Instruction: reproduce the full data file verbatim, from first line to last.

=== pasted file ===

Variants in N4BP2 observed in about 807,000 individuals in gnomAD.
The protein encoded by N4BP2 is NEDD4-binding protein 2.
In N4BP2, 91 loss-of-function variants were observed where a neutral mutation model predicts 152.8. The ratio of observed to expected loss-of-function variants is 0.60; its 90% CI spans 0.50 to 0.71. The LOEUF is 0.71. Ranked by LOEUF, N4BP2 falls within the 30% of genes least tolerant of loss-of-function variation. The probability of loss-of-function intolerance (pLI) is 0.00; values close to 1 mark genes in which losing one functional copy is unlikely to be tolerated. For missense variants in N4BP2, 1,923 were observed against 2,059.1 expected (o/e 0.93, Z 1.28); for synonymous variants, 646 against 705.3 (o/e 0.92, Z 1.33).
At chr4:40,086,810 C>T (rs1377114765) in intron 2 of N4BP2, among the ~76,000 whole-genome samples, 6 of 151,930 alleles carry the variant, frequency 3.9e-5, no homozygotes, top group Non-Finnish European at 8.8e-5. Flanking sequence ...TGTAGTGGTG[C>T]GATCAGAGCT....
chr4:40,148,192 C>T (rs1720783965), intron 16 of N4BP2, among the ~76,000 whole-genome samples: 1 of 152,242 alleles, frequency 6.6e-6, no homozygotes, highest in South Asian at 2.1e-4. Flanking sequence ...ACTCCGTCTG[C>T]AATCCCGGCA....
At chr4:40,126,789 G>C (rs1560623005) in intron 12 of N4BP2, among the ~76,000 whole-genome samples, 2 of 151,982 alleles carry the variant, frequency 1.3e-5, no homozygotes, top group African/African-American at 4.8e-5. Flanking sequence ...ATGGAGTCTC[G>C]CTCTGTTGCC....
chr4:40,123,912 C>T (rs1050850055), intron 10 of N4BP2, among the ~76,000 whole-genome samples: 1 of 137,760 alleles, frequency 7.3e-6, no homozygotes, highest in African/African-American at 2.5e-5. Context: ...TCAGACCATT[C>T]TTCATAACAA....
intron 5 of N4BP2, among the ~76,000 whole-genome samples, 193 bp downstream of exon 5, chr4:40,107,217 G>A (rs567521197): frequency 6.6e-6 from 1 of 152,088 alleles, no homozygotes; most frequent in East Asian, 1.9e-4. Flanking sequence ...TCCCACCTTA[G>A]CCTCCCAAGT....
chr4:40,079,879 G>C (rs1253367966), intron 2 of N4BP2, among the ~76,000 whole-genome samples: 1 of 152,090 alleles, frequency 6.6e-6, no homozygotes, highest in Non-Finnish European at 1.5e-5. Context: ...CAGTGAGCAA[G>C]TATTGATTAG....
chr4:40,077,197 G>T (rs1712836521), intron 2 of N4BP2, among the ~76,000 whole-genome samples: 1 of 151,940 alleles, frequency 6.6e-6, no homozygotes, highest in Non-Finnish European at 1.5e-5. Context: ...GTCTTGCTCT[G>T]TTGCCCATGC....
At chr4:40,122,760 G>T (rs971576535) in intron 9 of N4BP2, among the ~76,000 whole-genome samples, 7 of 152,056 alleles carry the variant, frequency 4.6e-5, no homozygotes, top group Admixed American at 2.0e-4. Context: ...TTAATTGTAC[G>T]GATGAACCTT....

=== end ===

Variants in N4BP2 observed in about 807,000 individuals in gnomAD.
The protein encoded by N4BP2 is NEDD4-binding protein 2.
In N4BP2, 91 loss-of-function variants were observed where a neutral mutation model predicts 152.8. The ratio of observed to expected loss-of-function variants is 0.60; its 90% CI spans 0.50 to 0.71. The LOEUF is 0.71. Ranked by LOEUF, N4BP2 falls within the 30% of genes least tolerant of loss-of-function variation. The probability of loss-of-function intolerance (pLI) is 0.00; values close to 1 mark genes in which losing one functional copy is unlikely to be tolerated. For missense variants in N4BP2, 1,923 were observed against 2,059.1 expected (o/e 0.93, Z 1.28); for synonymous variants, 646 against 705.3 (o/e 0.92, Z 1.33).
At chr4:40,086,810 C>T (rs1377114765) in intron 2 of N4BP2, among the ~76,000 whole-genome samples, 6 of 151,930 alleles carry the variant, frequency 3.9e-5, no homozygotes, top group Non-Finnish European at 8.8e-5. Flanking sequence ...TGTAGTGGTG[C>T]GATCAGAGCT....
chr4:40,148,192 C>T (rs1720783965), intron 16 of N4BP2, among the ~76,000 whole-genome samples: 1 of 152,242 alleles, frequency 6.6e-6, no homozygotes, highest in South Asian at 2.1e-4. Flanking sequence ...ACTCCGTCTG[C>T]AATCCCGGCA....
At chr4:40,126,789 G>C (rs1560623005) in intron 12 of N4BP2, among the ~76,000 whole-genome samples, 2 of 151,982 alleles carry the variant, frequency 1.3e-5, no homozygotes, top group African/African-American at 4.8e-5. Flanking sequence ...ATGGAGTCTC[G>C]CTCTGTTGCC....
chr4:40,123,912 C>T (rs1050850055), intron 10 of N4BP2, among the ~76,000 whole-genome samples: 1 of 137,760 alleles, frequency 7.3e-6, no homozygotes, highest in African/African-American at 2.5e-5. Context: ...TCAGACCATT[C>T]TTCATAACAA....
intron 5 of N4BP2, among the ~76,000 whole-genome samples, 193 bp downstream of exon 5, chr4:40,107,217 G>A (rs567521197): frequency 6.6e-6 from 1 of 152,088 alleles, no homozygotes; most frequent in East Asian, 1.9e-4. Flanking sequence ...TCCCACCTTA[G>A]CCTCCCAAGT....
chr4:40,079,879 G>C (rs1253367966), intron 2 of N4BP2, among the ~76,000 whole-genome samples: 1 of 152,090 alleles, frequency 6.6e-6, no homozygotes, highest in Non-Finnish European at 1.5e-5. Context: ...CAGTGAGCAA[G>C]TATTGATTAG....
chr4:40,077,197 G>T (rs1712836521), intron 2 of N4BP2, among the ~76,000 whole-genome samples: 1 of 151,940 alleles, frequency 6.6e-6, no homozygotes, highest in Non-Finnish European at 1.5e-5. Context: ...GTCTTGCTCT[G>T]TTGCCCATGC....
At chr4:40,122,760 G>T (rs971576535) in intron 9 of N4BP2, among the ~76,000 whole-genome samples, 7 of 152,056 alleles carry the variant, frequency 4.6e-5, no homozygotes, top group Admixed American at 2.0e-4. Context: ...TTAATTGTAC[G>T]GATGAACCTT....